I recently wrote a sports editorial piece for a local paper here in middle Tennessee, the I-24 Exchange. For your convenience, I thought I’d re-post it here on my blog, though you can also find it HERE. Keep in mind…this was written last Thursday, before the news of Tiger’s indefinite leave from the game of golf.
Tiger Shanks it in the Woods
Unless you live in a hole, you’ve heard the news about “the greatest golfer of all time.” Tiger Woods was taken to the hospital for an accident he had in his SUV just outside of his Ocoee, FL, home, at 2:25 AM on Friday, December 2nd (momma always said that nothing good happens after midnight).
It was suspected that Tiger was driving under the influence that night. Rumors of marital troubles between he and his wife, Elin, only led to confirmation of years of infidelity on Tiger’s part. Elin, at this point seems to be sticking around…for the kids. His sponsors are sticking with him (though who knows for how long).
Tiger’s life is spinning out of control. To say that more accurately, Tiger’s life has already spun out of control. He’s reaping the fruit of years of poor decisions.
Why are we as a society drawn to stories where people’s lives seem to be spiraling into an absolute dumpster fire? Maybe it helps us to feel better about our own life. Maybe we see ourselves somewhere in the story. Maybe it’s because we have a morbid fascination with the failure of others. Maybe we’re just thankful it’s not us.
Tiger messed up. But so have I. And so have you. None of us have lived a life immune from bad decisions and moral failures. Tiger, on his website, says, “I have not been true to my values and the behavior my family deserves. I am not without faults and I am far short of perfect.” You may, or may not, have cheated on your spouse, but you’re not perfect either. I’d venture to guess that, at least one point in your life, you’ve been in need of someone’s forgiveness. You were guilty, and there was no denying it.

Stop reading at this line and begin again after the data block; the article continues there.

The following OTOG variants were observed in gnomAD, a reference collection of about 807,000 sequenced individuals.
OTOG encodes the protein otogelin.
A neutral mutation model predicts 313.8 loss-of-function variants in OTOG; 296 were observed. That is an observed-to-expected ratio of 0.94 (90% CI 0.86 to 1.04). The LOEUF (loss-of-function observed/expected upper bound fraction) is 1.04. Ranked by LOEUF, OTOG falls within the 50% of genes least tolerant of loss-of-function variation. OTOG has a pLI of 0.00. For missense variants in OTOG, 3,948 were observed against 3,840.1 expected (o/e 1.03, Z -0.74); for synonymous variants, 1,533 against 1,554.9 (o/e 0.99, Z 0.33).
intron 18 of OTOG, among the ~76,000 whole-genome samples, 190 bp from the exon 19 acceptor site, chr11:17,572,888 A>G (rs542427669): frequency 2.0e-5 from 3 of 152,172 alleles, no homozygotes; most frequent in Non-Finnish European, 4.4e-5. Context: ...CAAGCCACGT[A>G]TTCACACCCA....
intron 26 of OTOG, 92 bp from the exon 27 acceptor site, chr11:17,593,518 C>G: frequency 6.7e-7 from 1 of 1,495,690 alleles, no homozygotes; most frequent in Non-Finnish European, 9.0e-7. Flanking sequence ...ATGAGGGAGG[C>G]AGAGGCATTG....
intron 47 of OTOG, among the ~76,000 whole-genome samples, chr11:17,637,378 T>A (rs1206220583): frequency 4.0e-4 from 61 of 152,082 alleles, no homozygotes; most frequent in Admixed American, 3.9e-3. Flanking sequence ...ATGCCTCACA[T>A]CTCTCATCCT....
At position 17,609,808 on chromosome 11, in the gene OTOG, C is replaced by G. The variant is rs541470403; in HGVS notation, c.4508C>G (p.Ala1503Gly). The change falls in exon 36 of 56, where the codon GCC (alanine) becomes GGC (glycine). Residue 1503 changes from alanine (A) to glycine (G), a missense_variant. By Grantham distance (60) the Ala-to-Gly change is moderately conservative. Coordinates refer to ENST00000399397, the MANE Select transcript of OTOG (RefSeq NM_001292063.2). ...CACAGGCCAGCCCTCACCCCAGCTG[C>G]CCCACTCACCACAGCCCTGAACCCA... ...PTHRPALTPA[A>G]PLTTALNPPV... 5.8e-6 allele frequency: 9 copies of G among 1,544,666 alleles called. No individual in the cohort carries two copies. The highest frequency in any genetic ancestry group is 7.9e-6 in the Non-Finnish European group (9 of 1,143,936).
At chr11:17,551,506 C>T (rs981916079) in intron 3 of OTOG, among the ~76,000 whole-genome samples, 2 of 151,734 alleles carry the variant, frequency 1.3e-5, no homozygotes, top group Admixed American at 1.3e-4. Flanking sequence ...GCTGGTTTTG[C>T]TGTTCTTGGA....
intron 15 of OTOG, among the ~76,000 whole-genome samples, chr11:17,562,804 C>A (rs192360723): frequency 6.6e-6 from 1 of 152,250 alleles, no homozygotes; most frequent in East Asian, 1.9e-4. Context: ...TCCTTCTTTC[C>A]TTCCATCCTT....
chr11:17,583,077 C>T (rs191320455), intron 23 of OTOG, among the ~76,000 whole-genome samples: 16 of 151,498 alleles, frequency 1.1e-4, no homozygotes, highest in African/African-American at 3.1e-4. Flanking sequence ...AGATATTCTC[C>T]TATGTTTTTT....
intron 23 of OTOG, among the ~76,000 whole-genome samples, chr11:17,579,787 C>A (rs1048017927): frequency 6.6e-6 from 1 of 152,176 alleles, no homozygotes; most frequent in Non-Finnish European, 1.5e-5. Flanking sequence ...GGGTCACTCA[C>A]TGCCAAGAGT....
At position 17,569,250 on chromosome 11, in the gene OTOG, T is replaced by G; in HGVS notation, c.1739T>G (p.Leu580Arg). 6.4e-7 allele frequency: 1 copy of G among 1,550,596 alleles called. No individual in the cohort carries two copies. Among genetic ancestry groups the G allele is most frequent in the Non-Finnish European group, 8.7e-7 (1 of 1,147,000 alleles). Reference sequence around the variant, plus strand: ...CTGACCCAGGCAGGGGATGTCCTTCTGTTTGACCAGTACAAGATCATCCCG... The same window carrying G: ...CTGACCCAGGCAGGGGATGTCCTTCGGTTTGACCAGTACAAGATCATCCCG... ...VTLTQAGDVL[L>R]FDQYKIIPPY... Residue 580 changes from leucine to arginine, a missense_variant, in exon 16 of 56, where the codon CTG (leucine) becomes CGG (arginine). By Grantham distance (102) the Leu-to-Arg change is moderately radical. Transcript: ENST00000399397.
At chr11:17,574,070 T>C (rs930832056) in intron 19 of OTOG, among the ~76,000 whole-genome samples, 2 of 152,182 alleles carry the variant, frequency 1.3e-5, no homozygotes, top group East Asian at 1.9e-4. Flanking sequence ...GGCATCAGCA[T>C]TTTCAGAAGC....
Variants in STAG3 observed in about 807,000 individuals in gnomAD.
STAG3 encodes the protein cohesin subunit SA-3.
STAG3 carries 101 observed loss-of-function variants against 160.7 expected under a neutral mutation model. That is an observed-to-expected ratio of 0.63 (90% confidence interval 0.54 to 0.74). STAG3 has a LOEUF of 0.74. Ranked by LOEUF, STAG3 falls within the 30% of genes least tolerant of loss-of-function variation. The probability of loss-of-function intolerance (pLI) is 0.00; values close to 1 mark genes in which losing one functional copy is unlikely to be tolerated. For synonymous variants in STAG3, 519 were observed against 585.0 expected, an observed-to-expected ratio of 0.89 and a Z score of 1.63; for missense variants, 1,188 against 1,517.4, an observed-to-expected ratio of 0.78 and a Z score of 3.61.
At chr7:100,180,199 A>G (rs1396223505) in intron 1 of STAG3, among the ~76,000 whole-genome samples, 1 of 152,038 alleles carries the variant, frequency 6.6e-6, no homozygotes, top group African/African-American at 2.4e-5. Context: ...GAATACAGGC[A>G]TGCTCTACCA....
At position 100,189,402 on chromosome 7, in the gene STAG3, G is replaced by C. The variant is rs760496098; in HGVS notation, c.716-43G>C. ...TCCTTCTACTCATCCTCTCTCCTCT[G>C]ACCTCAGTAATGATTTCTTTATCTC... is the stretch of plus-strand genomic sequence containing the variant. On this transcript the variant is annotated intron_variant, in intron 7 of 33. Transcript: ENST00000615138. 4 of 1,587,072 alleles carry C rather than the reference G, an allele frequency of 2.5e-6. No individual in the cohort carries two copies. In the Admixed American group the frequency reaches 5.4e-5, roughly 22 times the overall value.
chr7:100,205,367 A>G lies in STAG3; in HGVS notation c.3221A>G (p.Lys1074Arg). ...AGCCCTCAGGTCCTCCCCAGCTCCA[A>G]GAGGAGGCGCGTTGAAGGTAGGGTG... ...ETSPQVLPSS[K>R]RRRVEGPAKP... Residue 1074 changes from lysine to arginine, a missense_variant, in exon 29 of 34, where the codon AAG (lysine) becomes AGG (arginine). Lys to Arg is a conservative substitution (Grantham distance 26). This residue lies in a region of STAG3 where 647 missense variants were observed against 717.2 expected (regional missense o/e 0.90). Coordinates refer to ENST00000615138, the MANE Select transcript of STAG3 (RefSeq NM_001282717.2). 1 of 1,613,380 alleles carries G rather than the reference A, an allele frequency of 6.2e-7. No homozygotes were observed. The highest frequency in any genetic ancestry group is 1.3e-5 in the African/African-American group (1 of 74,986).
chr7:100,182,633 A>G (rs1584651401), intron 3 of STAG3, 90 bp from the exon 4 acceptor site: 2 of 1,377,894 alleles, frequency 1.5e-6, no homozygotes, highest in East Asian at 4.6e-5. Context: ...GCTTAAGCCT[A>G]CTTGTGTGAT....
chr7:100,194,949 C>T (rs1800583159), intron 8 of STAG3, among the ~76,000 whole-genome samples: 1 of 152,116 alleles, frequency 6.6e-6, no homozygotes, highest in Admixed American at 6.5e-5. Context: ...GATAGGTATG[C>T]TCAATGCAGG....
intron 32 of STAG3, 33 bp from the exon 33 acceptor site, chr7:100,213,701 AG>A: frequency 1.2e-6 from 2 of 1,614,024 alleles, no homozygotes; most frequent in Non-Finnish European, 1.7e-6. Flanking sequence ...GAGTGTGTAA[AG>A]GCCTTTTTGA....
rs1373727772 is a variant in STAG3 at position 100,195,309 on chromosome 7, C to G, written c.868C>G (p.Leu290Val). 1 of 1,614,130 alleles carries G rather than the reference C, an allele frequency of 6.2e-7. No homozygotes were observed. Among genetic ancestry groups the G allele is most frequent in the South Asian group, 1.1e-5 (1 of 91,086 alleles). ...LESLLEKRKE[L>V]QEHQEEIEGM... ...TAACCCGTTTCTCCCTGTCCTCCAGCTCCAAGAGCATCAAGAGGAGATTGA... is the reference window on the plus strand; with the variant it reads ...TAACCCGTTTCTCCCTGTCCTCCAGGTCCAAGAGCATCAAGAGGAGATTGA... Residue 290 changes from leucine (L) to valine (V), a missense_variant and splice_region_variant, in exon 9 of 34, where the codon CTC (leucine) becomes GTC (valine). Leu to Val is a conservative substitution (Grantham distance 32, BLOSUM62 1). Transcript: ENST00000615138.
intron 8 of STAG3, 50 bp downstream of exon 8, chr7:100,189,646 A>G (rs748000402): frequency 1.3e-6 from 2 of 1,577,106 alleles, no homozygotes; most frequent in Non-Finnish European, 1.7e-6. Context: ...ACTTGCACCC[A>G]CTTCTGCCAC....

There’s hardly a greater feeling in life than being forgiven. To be granted a fresh start. To have your slate wiped clean. It’s as if a heavy, unbearable burden has been lifted off of you.
Is Tiger’s career over? Is he going to be counted as “the greatest golfer of all time?” Or has this exposure marred his fame and fortune forever? Only time can tell.
But instead of our eyes and hearts that are quick to judge, and quick to thirst for more and more dirt, maybe we would be better off extending grace and forgiveness. Tiger doesn’t deserve that. But by very definition grace is not deserved. It is not earned. It’s granted by the one who has been wronged.
I vote to give him a second chance. And I’m thankful that others have done the same for me.